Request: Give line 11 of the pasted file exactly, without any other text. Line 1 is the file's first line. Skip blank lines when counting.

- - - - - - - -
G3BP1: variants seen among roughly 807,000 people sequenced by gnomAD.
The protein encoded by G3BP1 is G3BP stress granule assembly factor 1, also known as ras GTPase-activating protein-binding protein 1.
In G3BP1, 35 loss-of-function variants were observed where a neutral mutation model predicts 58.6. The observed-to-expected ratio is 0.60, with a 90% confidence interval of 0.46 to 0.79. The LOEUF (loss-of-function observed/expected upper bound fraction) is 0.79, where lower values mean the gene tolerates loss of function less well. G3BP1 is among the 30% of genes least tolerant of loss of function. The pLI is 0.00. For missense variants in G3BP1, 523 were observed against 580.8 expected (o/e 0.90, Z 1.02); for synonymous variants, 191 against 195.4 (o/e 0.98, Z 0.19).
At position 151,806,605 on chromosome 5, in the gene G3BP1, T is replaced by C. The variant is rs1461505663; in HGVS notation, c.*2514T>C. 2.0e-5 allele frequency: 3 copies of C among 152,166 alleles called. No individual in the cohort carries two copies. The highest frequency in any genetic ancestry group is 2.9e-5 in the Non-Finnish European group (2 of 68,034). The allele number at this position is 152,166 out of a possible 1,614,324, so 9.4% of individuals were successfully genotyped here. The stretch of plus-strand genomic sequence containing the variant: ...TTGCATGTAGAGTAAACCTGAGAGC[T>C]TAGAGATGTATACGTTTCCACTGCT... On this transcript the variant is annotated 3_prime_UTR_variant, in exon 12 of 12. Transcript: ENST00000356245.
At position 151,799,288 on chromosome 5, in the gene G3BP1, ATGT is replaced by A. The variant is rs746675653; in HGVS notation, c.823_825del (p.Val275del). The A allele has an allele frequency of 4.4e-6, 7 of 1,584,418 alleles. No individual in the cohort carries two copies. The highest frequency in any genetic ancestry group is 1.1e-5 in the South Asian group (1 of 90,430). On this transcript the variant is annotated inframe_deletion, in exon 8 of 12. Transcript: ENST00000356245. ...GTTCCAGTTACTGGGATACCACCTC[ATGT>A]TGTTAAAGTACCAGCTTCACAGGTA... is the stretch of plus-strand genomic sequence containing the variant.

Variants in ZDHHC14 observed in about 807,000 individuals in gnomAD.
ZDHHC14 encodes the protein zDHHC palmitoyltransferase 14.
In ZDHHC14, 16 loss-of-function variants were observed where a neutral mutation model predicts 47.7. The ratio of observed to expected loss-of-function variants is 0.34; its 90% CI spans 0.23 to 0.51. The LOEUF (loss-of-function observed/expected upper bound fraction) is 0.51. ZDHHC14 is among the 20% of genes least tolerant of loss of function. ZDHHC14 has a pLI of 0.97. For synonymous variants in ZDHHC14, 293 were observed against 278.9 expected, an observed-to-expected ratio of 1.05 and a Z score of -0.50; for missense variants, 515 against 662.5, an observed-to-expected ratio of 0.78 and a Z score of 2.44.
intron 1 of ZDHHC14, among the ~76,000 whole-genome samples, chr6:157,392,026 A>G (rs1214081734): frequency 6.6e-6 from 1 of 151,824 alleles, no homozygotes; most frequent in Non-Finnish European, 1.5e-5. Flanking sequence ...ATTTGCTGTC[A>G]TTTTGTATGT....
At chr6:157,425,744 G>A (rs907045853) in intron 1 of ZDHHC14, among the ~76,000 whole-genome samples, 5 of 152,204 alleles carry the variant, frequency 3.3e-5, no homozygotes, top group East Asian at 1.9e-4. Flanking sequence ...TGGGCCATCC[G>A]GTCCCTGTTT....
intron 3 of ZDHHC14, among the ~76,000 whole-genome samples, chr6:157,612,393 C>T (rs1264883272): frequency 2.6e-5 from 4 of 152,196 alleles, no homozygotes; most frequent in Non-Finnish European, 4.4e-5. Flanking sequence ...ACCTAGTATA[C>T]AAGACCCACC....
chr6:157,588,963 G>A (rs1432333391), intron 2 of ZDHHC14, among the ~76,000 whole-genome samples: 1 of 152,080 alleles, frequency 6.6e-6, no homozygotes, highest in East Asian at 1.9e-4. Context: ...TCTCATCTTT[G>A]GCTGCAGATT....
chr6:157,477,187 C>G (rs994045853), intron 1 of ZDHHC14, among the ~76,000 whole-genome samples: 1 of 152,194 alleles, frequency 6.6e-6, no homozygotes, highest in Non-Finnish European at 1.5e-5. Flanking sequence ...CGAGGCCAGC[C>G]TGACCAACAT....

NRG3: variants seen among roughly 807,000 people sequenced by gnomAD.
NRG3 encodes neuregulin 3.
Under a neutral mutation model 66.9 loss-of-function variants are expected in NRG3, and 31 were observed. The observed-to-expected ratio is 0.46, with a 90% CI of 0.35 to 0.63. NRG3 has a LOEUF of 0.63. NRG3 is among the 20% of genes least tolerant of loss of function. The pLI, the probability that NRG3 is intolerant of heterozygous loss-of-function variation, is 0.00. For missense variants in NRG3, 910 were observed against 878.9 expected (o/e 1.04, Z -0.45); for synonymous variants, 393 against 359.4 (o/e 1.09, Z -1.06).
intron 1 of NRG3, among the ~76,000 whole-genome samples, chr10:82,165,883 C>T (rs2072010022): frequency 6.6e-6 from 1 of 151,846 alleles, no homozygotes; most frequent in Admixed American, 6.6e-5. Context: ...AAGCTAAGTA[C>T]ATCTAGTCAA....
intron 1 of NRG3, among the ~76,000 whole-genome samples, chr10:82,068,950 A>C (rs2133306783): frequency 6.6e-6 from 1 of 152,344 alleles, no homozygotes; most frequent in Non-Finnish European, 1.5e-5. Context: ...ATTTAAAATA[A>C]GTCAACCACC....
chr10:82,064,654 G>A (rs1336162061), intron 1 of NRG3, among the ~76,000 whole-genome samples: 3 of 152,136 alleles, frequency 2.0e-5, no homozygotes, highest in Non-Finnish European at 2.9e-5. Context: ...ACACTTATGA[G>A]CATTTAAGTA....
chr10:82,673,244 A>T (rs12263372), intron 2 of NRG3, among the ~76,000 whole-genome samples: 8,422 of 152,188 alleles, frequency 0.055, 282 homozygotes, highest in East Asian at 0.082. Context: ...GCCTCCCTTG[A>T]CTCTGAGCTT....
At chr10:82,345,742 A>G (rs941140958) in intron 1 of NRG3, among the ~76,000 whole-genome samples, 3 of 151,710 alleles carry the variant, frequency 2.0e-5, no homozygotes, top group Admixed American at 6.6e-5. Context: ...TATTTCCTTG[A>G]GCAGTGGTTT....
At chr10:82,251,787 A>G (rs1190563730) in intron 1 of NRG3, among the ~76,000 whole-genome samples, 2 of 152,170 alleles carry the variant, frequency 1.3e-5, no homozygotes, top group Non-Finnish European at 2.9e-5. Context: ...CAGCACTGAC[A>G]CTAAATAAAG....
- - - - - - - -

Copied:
intron 3 of ZDHHC14, among the ~76,000 whole-genome samples, chr6:157,612,393 C>T (rs1264883272): frequency 2.6e-5 from 4 of 152,196 alleles, no homozygotes; most frequent in Non-Finnish European, 4.4e-5. Flanking sequence ...ACCTAGTATA[C>T]AAGACCCACC....